On Sunday, left-wing journalist Yair Lapid announced his resignation from Israeli television to pursue a political career. In response, a bill that would keep journalists out of politics for 6 months after their resignation was pushed up to Wednesday of this week.
For the last four years, Yair Lapid has been one of the most popular Israeli journalists, hosting the “Ulpan Shishi” program on Friday evenings that receives high ratings and wide viewership. However, over the last year, Lapid has hinted at his intention to enter the political arena in his father’s footsteps. The first hint was a column titled “The Left’s Revenge Will Come” which outlined his plans for right-wing politicians if he were to become prime minister. Since then, Lapid’s columns on outlets such as Yediot Aharonot and his Ulpan Shishi program have become increasingly politicized which increased the speculation. On Sunday, he announced he would enter politics and the announcement was broadcast by Channel Two, his employer.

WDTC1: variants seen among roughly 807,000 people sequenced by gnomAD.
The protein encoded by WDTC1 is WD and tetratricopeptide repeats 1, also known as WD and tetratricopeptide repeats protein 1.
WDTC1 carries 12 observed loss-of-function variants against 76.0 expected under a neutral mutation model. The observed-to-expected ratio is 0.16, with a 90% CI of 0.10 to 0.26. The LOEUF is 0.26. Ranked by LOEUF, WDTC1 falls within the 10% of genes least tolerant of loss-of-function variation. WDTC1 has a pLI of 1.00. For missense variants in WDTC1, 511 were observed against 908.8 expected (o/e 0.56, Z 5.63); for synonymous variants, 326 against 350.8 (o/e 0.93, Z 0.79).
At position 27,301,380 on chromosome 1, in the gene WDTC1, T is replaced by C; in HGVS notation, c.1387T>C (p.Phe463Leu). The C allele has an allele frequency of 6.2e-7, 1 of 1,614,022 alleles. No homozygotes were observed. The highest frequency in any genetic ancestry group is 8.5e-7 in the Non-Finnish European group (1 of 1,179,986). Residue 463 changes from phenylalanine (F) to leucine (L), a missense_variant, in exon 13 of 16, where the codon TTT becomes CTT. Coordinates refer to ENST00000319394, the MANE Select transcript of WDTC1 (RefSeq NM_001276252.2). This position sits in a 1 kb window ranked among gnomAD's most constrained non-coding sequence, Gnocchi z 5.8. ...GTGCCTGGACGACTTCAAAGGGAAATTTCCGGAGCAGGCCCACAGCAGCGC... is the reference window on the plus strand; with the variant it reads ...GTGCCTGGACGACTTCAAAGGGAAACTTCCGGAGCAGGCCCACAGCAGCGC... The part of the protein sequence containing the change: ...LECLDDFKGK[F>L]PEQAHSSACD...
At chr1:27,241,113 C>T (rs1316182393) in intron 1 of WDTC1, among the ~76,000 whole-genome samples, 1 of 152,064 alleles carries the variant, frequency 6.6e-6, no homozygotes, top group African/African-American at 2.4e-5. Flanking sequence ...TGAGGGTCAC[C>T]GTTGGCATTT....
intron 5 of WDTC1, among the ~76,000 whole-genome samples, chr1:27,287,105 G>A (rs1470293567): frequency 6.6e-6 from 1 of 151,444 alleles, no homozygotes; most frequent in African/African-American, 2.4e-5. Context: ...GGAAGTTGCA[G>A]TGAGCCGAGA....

In response to the speculation regarding Lapid’s political aspirations, MK Ronit Tirosh submitted a bill that has become known as the “Lapid Bill”. If passed, the bill would require half year “cool-off” period in which journalists would be banned from politics before running public office. While Tirosh vehemently denied any connection to the bill, it still appears to be directed at Lapid because he is the only journalist who recently has expressed interest in entering politics. Because of the announcement, the bill will face a preliminary vote on Wednesday.
When Lapid enters politics, it is expected that he could take votes from both the Labor and Kadima Parties. Lapid labels himself as a centrist, but is likely to join the left-wing bloc of Israeli politians. Haredi lawmakers have expressed concern that Lapid would continue in his father’s Tommy’s footsteps in advancing a fiercely anti-religious agenda. Tommy Lapid, the former Justice Minister, was infamous for his hatred of religion and was the cause of the Haredi sector leaving the government.
The responses to Lapid’s announcement and the bill were mixed. Left wing MKs from the Meretz who were also former journalists applauded the decision, but criticized the bill as irrelevant. Right-wing MKs were mostly silent on the issue, although one Likud MK said Lapid has always been a politician and the decision proves it. Knesset members from the Haredi sector have not commented at this time.